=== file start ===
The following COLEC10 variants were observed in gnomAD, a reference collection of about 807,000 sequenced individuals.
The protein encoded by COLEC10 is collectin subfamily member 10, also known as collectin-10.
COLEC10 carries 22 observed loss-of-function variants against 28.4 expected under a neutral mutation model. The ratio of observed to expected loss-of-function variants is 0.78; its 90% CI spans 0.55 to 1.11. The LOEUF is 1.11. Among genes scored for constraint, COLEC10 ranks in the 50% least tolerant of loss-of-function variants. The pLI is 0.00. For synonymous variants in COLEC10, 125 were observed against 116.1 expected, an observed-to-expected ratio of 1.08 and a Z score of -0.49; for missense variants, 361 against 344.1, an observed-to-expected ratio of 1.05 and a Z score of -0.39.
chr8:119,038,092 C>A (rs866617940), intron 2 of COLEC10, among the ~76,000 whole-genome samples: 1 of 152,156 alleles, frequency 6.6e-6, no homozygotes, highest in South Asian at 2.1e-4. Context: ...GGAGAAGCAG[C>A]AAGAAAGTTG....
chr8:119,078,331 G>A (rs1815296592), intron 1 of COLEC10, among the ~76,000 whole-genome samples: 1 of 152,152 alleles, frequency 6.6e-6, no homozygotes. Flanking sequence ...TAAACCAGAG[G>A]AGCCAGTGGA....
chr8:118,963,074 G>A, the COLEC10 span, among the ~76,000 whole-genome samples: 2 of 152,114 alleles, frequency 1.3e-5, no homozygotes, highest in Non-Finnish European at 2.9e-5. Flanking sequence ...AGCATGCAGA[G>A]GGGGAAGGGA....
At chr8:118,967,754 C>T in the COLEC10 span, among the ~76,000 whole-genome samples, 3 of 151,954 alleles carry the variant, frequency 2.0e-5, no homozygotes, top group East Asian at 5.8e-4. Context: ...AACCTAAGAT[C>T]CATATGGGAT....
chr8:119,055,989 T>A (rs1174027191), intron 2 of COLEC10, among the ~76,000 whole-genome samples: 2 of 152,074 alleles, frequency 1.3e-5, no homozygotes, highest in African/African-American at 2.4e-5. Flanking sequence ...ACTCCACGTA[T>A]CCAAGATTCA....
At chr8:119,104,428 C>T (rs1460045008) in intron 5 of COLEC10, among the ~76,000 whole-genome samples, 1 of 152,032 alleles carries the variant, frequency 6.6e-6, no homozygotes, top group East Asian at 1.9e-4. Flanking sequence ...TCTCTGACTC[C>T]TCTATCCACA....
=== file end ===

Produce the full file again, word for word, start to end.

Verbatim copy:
The following COLEC10 variants were observed in gnomAD, a reference collection of about 807,000 sequenced individuals.
The protein encoded by COLEC10 is collectin subfamily member 10, also known as collectin-10.
COLEC10 carries 22 observed loss-of-function variants against 28.4 expected under a neutral mutation model. The ratio of observed to expected loss-of-function variants is 0.78; its 90% CI spans 0.55 to 1.11. The LOEUF is 1.11. Among genes scored for constraint, COLEC10 ranks in the 50% least tolerant of loss-of-function variants. The pLI is 0.00. For synonymous variants in COLEC10, 125 were observed against 116.1 expected, an observed-to-expected ratio of 1.08 and a Z score of -0.49; for missense variants, 361 against 344.1, an observed-to-expected ratio of 1.05 and a Z score of -0.39.
chr8:119,038,092 C>A (rs866617940), intron 2 of COLEC10, among the ~76,000 whole-genome samples: 1 of 152,156 alleles, frequency 6.6e-6, no homozygotes, highest in South Asian at 2.1e-4. Context: ...GGAGAAGCAG[C>A]AAGAAAGTTG....
chr8:119,078,331 G>A (rs1815296592), intron 1 of COLEC10, among the ~76,000 whole-genome samples: 1 of 152,152 alleles, frequency 6.6e-6, no homozygotes. Flanking sequence ...TAAACCAGAG[G>A]AGCCAGTGGA....
chr8:118,963,074 G>A, the COLEC10 span, among the ~76,000 whole-genome samples: 2 of 152,114 alleles, frequency 1.3e-5, no homozygotes, highest in Non-Finnish European at 2.9e-5. Flanking sequence ...AGCATGCAGA[G>A]GGGGAAGGGA....
At chr8:118,967,754 C>T in the COLEC10 span, among the ~76,000 whole-genome samples, 3 of 151,954 alleles carry the variant, frequency 2.0e-5, no homozygotes, top group East Asian at 5.8e-4. Context: ...AACCTAAGAT[C>T]CATATGGGAT....
chr8:119,055,989 T>A (rs1174027191), intron 2 of COLEC10, among the ~76,000 whole-genome samples: 2 of 152,074 alleles, frequency 1.3e-5, no homozygotes, highest in African/African-American at 2.4e-5. Flanking sequence ...ACTCCACGTA[T>A]CCAAGATTCA....
At chr8:119,104,428 C>T (rs1460045008) in intron 5 of COLEC10, among the ~76,000 whole-genome samples, 1 of 152,032 alleles carries the variant, frequency 6.6e-6, no homozygotes, top group East Asian at 1.9e-4. Flanking sequence ...TCTCTGACTC[C>T]TCTATCCACA....